Friday, September 28, 2007

second week thoughts

It seems that I always have a story once each day has come to a close, though time permits me in getting something posted every evening. Below is one highlight from the week.

Each child is required to pay 50 pesos for registration. This is the equivalent of $1.50, and is really just to show us that the parents are willing to give to help in the education of their children and show that they are generally interested and will make the effort. The finances in which we use to purchase supplies and school materials comes from you people who make donations from the states.

Our preschool children have already received a backpack and school uniform (which includes Makarios shirt, khaki pants, and underwear). Every child in our programs will also receive a tooth brush and notebook, in addition to a snack each day. As of right now, we do not have enough funds to run each of our programs so we are using the dollar fifty from each child.

On Wednesday two of my older students, Francia and Yoslena, approached me while we were crossing the river to go to class. I had warned them the other day that if their parents do not pay the 50 pesos that they could not continue coming to the school (trying to teach responsibility is such a pain). Francia told me that she and Yoslena had collected bottles and turned them in for change, and she handed me some coins and some small bills that amounted to 50 pesos, 25 pesos per girl, that they had made so they could come to school. I was so touched.

I was perfectly content with allowing that to be sufficient, but on Thursday the girls turned in the other 50 pesos. There are 6 children in Yoslena's family, and not all have paid. It has been two weeks into the program, and we are not wanting to cut kids from the list, but there are a few parents who have not completed their children's registration by paying the fee. We will see what happens come Monday.

Monday, September 24, 2007

first week thoughts

Thought Number 1- PE classes taught in English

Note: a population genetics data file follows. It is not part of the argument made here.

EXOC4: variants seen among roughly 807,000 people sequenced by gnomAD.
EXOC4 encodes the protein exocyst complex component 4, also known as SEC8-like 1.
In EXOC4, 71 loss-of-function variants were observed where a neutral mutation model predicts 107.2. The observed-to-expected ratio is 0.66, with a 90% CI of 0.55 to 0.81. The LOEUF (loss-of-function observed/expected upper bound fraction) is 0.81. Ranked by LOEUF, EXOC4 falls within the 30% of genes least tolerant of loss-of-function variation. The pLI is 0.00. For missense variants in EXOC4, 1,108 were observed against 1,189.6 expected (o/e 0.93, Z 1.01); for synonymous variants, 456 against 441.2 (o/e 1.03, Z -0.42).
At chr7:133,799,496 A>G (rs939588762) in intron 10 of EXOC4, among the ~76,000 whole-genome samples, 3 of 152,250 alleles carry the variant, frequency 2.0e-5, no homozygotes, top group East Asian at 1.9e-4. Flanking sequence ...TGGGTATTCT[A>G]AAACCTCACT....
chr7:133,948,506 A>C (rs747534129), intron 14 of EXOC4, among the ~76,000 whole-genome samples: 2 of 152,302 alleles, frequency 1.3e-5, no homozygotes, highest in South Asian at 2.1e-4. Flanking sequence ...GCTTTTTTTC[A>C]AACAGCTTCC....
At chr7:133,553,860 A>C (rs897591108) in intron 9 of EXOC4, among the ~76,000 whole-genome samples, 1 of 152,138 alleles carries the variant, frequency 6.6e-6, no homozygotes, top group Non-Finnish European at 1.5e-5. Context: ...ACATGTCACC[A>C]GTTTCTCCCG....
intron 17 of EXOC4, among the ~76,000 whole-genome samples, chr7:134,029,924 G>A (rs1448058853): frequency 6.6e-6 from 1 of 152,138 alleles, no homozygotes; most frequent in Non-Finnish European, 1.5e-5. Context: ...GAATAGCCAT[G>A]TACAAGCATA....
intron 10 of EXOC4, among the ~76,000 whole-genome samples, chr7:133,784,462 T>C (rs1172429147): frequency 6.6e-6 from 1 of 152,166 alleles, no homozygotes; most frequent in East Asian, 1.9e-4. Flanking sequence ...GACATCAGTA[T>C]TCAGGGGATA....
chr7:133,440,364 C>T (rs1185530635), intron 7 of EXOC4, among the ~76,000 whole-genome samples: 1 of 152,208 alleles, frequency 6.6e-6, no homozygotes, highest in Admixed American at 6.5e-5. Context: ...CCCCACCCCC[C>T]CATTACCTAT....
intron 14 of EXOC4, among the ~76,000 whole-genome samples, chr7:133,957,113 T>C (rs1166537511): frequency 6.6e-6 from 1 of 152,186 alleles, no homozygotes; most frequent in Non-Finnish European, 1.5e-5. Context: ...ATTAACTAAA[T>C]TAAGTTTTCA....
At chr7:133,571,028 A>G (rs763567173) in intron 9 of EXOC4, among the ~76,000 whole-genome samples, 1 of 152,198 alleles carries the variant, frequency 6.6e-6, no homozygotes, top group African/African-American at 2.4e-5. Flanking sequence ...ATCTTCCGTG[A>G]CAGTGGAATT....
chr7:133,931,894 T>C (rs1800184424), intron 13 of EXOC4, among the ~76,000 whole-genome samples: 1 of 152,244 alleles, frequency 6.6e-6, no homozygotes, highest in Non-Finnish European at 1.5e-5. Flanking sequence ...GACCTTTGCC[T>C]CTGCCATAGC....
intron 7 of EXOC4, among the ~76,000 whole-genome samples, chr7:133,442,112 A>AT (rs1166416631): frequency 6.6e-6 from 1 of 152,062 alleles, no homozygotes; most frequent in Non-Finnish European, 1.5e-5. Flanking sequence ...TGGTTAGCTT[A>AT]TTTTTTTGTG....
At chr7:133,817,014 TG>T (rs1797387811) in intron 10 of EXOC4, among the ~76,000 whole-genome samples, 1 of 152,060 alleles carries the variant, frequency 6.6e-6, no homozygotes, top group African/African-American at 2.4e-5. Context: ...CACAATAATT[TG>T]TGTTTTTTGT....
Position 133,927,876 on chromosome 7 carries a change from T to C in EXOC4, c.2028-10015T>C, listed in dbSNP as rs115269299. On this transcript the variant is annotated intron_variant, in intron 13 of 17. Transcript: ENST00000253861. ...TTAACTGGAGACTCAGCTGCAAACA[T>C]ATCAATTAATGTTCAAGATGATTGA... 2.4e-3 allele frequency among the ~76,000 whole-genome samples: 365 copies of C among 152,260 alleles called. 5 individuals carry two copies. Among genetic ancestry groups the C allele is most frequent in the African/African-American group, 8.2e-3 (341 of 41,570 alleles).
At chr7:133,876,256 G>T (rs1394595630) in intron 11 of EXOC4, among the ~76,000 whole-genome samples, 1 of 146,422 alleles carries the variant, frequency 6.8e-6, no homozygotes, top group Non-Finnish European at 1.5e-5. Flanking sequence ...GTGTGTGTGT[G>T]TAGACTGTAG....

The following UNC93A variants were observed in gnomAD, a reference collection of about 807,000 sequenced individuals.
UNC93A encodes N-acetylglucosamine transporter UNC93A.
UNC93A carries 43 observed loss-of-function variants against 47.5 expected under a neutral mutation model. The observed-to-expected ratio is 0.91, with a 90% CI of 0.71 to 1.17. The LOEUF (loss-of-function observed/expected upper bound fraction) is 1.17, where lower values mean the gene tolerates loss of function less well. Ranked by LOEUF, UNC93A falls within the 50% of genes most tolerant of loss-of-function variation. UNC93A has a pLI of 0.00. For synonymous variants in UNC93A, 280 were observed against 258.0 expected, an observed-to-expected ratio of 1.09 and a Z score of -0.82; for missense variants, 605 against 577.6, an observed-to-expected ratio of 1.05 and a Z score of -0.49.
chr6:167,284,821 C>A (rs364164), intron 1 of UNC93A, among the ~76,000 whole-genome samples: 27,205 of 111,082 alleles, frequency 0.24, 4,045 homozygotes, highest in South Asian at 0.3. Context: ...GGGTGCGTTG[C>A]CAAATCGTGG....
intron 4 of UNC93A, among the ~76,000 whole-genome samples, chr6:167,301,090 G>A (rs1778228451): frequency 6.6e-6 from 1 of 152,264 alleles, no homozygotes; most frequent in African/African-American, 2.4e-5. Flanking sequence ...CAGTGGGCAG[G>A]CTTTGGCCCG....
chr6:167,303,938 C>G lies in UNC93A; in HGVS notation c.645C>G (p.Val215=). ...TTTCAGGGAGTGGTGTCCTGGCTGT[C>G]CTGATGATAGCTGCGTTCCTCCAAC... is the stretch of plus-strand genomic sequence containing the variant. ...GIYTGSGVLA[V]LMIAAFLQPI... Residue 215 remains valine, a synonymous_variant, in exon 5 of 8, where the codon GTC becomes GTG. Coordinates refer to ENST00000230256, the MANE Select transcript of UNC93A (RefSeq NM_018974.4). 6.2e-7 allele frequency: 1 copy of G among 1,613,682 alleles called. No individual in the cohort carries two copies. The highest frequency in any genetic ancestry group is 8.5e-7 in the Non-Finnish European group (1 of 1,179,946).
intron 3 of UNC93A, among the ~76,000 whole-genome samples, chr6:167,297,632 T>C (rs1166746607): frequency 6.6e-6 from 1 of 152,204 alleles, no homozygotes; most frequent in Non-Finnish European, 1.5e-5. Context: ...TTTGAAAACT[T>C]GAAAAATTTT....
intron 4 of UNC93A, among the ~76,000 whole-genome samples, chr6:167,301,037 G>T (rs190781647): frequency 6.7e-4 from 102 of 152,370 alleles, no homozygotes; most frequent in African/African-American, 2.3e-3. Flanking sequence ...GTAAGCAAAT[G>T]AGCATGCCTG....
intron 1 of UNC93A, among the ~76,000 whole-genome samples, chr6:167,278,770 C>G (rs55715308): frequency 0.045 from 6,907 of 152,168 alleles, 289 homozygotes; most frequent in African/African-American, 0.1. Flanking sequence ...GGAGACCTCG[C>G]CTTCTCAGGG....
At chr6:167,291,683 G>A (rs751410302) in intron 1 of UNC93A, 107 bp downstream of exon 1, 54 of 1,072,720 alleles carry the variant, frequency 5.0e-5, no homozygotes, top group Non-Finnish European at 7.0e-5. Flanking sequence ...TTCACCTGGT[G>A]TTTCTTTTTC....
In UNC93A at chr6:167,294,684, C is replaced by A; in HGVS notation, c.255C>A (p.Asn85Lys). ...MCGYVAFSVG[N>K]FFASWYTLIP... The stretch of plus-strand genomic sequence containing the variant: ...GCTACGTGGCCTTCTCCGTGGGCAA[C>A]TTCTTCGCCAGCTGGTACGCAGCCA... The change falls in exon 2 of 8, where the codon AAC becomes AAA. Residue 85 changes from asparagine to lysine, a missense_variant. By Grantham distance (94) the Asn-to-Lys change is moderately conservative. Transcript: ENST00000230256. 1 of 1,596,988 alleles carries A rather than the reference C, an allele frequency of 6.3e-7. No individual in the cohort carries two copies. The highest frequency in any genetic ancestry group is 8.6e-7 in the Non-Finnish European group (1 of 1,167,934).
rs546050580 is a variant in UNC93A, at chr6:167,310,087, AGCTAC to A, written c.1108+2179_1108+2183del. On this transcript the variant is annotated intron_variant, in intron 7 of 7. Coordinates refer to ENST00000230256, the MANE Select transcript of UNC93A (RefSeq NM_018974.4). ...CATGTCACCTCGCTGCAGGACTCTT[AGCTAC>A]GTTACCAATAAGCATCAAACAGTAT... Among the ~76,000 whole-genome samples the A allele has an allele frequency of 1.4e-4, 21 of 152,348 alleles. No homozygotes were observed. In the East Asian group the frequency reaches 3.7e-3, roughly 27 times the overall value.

One day last week when my class was outside with Weston during P.E., he was teaching them how to play "Red light, green light." One way that we are implementing English into the school is teaching classes in English, as opposed to having classes that teach English. Physical Education is one class that we decided would be appropriate to teach in English.

After using colored construction paper to show the colors red and green and what each color signified, he had them line up and yelled out in English if they were ready. Most at the kids starred back at him not having a clue what he was saying. However, one of my students, Sili, who knew a little English, and coincidentally the phrase "I am ready," stood in a position ready to run with a big smile on his face and yelled out the English phrase, "I am ready!"

Weston had to explain to the rest of the class that "ready" meant "listos." All the kids yelled out "Si!!" and he corrected them by saying "Yes!" While the class yelled this out, which sounded more like "jes," Sili yelled out the phrase, "I am ready!" again with a big smile plastered on his face.

As the game continued and each new round started, when Weston yelled out, "Ready? Are you guys ready?," Sili responded "I am ready" as he stood in the ready position with a huge smile on his face. Each time Weston asked, Sili replied the same three words over and over again. Are you picturing this?

It became a sort of constant (and humorous) beat:

Weston: Ready?
Sili: I am ready!
Class: Jes.

Weston: Ready?
Sili: I am ready!
Class: Jes.

Weston: Ready?
Sili: I am ready!
Class: Jes.

We should write a song.

Thought Number 2- Why the Dominican Republic still reminds me of "Little House on the Prairie"

Each day for each class, we walk from the school to Pancho Mateo to pick up the kids. We have not gotten enough sponsorship for each child, nor funds in our budget to pick up and drop off the kids for class. A river separates Pancho Mateo from our school house, so six times a day we hike up our pants and skirts and cross the river round up the kids, then walk them to the river. Once we get to the river, one of two things happens. One, we form an assembly line across the river and pass off each child one after the other until reaching the other side. Two, we put one or two kids on our backs and cross the river carrying them, drop them off, then return to carry more. If only we had a wagon to ford so we could all cross in one trip!